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Hidden down Hong Kong’s back alleys, behind unmarked doors and on the upper floors of the city’s high-rise buildings are dozens of private kitchens, speakeasies and members' only clubs.
These beloved establishments are frequented by in-the-know locals, serving as a status symbol and as a place where important occasions like birthdays or anniversaries are feted. Eating and drinking at these places is an inimitable glimpse at a side of Hong Kong life that isn't always plainly visible but is a crucial part of residents' after-hours social lives. Far from being inaccessible, though, travellers just need to know where to look -- and have the foresight to call in advance for a reservation.
The hottest bar of the moment is 001, which at street level looks like nothing more than a dimly-lit buzzer on a black door. With a strict reservations-only policy (852-2810-6969) and limited seating, this speakeasy-style watering hole forbids big groups and photography but serves up some of the best-mixed cocktails in town, such as an excellent gimlet, as well as a spot-on grilled cheese sandwich to the accompaniment of soft jazz. At nearby Jaa Bar, an intimate space designed to feel like a living room with chandeliers and upholstered couches, annual membership costs 888 Hong Kong dollars, but in return you are gifted a bottle of Veuve Clicquot worth almost that much.
Hong Kong’s members' only establishments range from achingly hip nightclubs like Privé and Volar -- defined by bottle service, thumping music and wall-to-wall crowds -- to laid-back bars, like local favourites Le Jardin and Feather Boa. Le Jardin is a semi-outdoor, trellis-covered alternative to the packed bars of the popular Lan Kwai Fong district located on the streets below, while Feather Boa lacks any sort of signage out front and serves fruity daiquiris in massive glasses with chocolate dusted rims. Visitors to the city can easily access these two bars – although they may ask you to fill out a membership form at the door, there is no charge. To avoid the annual membership fee at Privé or Volar, call ahead and book a table for a week night or early on a weekend evening.
Some restaurants, like the Ning Po Residents Association, require a nominal annual fee (around 200 Hong Kong dollars), but in return you gain access to excellent food (in this case, recipes from the city of Ningbo, near Shanghai, such as delicate, juicy soup dumplings and sweet-and-sour fish), in an exclusive but usually unpretentious setting. Residents Associations, which were originally intended as a way for Chinese immigrants to have food from their home province after settling in Hong Kong, are excellent places to try traditional, authentic and lovingly prepared food. Visitors to the city should ask their hotel to make a reservation; when you get there you can pay the membership fee and the meal in one go.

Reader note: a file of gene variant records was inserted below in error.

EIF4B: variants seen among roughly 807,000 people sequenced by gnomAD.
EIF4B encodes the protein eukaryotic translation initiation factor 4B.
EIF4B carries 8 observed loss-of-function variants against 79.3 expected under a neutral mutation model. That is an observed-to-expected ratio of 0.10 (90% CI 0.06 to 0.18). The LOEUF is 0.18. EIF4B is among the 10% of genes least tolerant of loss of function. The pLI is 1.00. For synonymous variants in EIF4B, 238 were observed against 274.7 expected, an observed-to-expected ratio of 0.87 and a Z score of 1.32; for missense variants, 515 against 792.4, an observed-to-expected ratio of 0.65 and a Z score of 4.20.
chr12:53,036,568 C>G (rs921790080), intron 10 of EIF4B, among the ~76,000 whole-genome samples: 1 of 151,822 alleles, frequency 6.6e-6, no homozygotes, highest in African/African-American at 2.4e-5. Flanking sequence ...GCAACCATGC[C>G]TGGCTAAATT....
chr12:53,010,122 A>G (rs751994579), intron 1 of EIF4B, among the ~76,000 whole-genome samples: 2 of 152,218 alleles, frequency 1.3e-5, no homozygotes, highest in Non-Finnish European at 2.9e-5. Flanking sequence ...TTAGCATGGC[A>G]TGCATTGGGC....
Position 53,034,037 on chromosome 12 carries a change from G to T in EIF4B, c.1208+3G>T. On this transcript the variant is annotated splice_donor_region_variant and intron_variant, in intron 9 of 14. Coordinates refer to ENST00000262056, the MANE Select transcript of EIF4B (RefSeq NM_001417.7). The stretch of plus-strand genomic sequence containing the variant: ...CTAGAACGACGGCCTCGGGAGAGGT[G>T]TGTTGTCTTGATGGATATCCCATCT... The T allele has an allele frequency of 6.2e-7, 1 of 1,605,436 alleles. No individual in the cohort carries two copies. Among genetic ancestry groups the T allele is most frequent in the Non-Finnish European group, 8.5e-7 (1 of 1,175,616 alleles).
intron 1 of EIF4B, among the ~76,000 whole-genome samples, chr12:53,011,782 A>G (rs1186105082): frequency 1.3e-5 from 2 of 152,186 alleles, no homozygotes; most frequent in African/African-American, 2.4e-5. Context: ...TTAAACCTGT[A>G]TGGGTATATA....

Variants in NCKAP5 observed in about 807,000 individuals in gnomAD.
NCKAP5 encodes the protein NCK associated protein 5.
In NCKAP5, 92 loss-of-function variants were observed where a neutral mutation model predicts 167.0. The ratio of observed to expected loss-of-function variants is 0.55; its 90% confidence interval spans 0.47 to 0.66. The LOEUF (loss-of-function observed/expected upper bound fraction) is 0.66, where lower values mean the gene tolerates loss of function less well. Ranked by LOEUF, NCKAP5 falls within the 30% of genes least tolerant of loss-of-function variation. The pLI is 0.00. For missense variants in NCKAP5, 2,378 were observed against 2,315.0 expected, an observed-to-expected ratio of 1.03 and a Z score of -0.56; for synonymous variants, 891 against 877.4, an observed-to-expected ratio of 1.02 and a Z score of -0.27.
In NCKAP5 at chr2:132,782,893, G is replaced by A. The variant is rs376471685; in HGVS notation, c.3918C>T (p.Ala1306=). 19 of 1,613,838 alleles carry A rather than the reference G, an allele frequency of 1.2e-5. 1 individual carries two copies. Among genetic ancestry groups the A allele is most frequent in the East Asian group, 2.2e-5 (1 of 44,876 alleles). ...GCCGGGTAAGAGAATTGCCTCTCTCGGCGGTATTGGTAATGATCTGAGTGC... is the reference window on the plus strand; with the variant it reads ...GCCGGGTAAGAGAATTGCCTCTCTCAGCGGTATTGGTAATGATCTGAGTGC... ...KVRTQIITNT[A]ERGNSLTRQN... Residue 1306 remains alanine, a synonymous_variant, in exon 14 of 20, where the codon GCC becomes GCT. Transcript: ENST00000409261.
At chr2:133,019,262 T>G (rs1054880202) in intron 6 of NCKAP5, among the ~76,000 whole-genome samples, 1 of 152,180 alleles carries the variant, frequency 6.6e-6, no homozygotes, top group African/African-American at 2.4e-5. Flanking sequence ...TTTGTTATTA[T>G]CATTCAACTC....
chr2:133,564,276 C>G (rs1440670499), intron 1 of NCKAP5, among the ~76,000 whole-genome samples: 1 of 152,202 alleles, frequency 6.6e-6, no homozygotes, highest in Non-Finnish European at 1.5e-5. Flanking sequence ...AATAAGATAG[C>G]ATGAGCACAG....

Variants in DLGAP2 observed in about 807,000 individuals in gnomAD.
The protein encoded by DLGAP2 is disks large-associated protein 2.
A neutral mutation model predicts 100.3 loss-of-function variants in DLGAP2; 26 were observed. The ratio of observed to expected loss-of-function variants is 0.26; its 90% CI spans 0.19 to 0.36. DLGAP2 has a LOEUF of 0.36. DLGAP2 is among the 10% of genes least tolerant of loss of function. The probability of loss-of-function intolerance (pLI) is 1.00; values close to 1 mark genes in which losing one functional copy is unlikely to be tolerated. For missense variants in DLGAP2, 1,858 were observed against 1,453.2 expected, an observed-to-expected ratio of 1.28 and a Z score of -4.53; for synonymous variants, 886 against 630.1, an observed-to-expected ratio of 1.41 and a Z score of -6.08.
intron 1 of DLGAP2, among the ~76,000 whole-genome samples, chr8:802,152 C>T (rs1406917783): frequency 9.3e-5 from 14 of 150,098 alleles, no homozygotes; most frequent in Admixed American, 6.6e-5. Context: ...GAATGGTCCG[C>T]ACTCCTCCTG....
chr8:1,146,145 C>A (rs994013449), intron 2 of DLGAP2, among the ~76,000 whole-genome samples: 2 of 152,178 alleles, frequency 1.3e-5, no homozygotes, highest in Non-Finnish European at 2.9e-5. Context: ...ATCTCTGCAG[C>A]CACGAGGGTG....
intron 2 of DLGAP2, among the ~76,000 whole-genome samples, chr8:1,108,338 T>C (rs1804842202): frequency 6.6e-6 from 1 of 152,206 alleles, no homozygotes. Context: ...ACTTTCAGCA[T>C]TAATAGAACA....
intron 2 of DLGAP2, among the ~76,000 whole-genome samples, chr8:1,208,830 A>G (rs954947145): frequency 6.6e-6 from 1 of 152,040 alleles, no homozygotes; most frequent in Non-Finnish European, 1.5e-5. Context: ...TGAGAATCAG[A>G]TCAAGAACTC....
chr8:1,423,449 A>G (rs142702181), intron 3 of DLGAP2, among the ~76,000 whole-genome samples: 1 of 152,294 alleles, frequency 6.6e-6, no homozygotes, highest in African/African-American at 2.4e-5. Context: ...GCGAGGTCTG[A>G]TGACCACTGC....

Essentially restaurants that are located in refurbished apartments, private kitchens usually seat a small number of guests and cater to groups. With lower rents and less stringent licensing regulations than regular restaurants, these private kitchens are favoured not only by chefs but by customers looking for affordable and authentic dining options. They tend to offer set menus with BYO wine in an atmospheric setting, but some allow you to order a la carte. Some specialise in Cantonese food, which is the local fare, but Hong Kong's many private kitchens serve up a wide range of cuisines, from Sichuan and modern Shanghainese fusion to Cajun and French. (One restaurant is even on a boat.) Reservations are required for all private kitchens and can usually be made in English.
For all these special eateries, bookings are required, often weeks in advance. And sometimes, as is the case with the increasingly prevalent mobile supper clubs, you might not even be able to pin down their location. Even better -- especially for lovers of the private-dining experience, always on the hunt for the next hidden secret -- new ones keep cropping up.
Hana R Alberts is the Hong Kong Localite for BBC Travel